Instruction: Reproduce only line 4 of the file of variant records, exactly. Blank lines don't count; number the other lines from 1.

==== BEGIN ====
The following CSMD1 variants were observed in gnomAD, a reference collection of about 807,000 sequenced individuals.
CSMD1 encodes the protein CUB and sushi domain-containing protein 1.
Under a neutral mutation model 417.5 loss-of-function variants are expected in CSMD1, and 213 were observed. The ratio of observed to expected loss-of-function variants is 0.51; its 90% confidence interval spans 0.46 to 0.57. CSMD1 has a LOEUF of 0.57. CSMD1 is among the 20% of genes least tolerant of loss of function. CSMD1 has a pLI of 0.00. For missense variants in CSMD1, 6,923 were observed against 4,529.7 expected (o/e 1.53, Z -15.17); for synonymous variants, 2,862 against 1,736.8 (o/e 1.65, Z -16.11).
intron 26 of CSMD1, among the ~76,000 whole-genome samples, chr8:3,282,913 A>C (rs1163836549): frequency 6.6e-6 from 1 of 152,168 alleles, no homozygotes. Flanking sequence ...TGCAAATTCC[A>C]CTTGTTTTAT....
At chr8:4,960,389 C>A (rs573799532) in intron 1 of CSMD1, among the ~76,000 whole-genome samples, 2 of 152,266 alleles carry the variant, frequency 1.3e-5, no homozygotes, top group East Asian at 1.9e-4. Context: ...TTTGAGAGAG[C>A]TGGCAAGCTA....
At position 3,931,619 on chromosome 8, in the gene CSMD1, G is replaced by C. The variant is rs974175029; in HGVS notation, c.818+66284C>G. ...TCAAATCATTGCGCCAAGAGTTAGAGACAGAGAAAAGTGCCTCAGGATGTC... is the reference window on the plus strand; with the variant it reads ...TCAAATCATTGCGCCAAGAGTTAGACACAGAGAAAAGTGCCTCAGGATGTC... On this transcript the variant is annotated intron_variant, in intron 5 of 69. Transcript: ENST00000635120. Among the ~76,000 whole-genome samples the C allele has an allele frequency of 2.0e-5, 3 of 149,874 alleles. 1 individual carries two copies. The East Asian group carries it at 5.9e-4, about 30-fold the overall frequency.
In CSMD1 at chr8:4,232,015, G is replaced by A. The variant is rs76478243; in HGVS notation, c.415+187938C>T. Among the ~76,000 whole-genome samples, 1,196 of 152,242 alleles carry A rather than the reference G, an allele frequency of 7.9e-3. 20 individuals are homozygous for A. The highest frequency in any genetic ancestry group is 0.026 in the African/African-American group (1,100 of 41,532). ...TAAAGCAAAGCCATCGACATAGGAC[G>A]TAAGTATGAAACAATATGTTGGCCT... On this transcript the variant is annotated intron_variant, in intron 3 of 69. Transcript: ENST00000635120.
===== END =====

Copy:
intron 26 of CSMD1, among the ~76,000 whole-genome samples, chr8:3,282,913 A>C (rs1163836549): frequency 6.6e-6 from 1 of 152,168 alleles, no homozygotes. Flanking sequence ...TGCAAATTCC[A>C]CTTGTTTTAT....